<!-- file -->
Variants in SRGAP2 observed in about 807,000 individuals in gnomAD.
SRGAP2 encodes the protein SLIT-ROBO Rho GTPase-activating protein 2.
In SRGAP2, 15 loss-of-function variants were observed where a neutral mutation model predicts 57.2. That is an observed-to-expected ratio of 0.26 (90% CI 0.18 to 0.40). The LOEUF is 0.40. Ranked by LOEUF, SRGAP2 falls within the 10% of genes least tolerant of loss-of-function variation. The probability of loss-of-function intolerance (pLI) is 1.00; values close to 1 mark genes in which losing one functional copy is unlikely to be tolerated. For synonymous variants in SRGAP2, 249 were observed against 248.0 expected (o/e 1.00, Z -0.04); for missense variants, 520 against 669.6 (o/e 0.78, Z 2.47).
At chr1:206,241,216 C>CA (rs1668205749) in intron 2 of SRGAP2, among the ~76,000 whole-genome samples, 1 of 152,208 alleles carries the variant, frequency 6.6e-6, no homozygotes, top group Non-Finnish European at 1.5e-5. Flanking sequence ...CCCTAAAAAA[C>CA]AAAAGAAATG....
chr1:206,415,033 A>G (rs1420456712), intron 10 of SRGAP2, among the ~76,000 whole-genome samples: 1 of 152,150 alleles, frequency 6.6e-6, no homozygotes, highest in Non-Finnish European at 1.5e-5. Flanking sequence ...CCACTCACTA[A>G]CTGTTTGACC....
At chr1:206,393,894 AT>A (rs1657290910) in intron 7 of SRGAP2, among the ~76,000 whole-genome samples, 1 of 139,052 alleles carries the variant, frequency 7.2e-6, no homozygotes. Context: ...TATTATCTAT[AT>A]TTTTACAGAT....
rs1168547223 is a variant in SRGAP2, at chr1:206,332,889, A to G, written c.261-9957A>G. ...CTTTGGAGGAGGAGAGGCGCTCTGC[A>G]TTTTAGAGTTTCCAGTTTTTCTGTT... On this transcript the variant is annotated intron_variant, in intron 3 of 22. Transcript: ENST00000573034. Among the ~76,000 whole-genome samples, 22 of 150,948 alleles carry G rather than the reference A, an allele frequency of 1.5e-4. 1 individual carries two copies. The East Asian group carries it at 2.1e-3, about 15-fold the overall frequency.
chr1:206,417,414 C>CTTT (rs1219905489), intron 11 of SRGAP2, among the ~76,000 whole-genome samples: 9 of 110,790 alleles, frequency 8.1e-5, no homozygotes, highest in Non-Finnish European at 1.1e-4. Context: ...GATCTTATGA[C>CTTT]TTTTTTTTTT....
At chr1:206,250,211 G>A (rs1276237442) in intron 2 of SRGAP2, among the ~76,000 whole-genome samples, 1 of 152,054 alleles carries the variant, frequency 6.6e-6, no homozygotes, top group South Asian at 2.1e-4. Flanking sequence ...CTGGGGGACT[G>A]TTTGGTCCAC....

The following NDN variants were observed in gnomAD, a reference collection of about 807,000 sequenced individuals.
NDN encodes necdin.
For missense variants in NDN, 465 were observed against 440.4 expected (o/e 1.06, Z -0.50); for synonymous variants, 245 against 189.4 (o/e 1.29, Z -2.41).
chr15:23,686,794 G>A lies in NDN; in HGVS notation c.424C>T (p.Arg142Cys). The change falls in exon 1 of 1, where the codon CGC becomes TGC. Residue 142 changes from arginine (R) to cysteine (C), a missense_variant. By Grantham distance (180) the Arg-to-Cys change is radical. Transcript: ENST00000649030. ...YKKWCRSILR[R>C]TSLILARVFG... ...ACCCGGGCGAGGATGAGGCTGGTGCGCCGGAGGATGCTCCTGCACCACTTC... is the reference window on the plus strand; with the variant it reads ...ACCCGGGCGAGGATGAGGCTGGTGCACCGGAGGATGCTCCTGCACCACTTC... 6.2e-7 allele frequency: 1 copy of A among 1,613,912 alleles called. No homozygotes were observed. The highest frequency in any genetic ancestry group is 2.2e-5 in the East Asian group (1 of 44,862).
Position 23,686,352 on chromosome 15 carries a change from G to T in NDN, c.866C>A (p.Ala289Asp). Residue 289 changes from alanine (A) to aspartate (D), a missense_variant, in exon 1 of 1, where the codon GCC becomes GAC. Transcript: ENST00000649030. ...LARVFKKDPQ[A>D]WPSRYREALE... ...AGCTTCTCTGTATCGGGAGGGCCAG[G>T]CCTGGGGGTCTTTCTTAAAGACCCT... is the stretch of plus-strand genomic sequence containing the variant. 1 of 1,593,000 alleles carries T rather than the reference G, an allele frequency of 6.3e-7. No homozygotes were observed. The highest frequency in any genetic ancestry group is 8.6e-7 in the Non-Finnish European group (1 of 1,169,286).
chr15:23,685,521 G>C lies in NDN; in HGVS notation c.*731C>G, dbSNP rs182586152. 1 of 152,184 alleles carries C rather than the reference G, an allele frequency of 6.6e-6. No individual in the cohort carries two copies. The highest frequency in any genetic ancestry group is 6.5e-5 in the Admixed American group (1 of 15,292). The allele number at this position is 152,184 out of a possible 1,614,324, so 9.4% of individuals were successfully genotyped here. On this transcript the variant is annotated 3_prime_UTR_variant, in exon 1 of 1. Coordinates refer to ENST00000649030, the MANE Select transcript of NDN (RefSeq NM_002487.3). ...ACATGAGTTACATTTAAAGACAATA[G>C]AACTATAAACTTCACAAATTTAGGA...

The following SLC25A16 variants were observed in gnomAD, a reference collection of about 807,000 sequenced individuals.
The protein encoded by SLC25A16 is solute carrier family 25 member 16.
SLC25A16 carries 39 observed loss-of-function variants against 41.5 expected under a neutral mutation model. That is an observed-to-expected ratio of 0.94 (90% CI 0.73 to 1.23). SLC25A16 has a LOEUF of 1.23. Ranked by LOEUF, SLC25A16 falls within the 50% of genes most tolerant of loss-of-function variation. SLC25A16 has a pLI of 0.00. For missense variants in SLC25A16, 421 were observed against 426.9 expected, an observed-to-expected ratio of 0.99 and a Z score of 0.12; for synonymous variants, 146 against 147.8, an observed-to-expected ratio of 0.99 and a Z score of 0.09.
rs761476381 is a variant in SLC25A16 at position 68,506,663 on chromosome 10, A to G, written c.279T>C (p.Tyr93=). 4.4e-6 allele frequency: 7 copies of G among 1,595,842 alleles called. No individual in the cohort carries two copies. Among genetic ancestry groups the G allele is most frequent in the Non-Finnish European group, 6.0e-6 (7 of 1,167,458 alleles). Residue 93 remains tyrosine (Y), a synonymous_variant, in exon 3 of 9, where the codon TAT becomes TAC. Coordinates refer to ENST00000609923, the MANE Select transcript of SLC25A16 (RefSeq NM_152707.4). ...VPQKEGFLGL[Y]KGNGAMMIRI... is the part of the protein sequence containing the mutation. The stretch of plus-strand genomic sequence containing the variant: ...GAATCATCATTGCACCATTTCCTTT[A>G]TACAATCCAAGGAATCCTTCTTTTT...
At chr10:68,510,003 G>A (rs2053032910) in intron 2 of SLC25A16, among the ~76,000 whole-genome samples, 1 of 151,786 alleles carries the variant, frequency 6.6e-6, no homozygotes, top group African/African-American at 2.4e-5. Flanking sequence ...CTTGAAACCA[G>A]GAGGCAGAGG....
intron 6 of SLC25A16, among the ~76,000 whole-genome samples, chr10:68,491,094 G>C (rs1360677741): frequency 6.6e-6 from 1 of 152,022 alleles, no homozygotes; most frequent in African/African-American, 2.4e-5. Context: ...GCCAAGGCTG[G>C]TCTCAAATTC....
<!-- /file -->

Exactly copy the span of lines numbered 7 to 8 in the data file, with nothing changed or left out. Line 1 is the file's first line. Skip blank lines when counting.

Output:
rs1168547223 is a variant in SRGAP2, at chr1:206,332,889, A to G, written c.261-9957A>G. ...CTTTGGAGGAGGAGAGGCGCTCTGC[A>G]TTTTAGAGTTTCCAGTTTTTCTGTT... On this transcript the variant is annotated intron_variant, in intron 3 of 22. Transcript: ENST00000573034. Among the ~76,000 whole-genome samples, 22 of 150,948 alleles carry G rather than the reference A, an allele frequency of 1.5e-4. 1 individual carries two copies. The East Asian group carries it at 2.1e-3, about 15-fold the overall frequency.
chr1:206,417,414 C>CTTT (rs1219905489), intron 11 of SRGAP2, among the ~76,000 whole-genome samples: 9 of 110,790 alleles, frequency 8.1e-5, no homozygotes, highest in Non-Finnish European at 1.1e-4. Context: ...GATCTTATGA[C>CTTT]TTTTTTTTTT....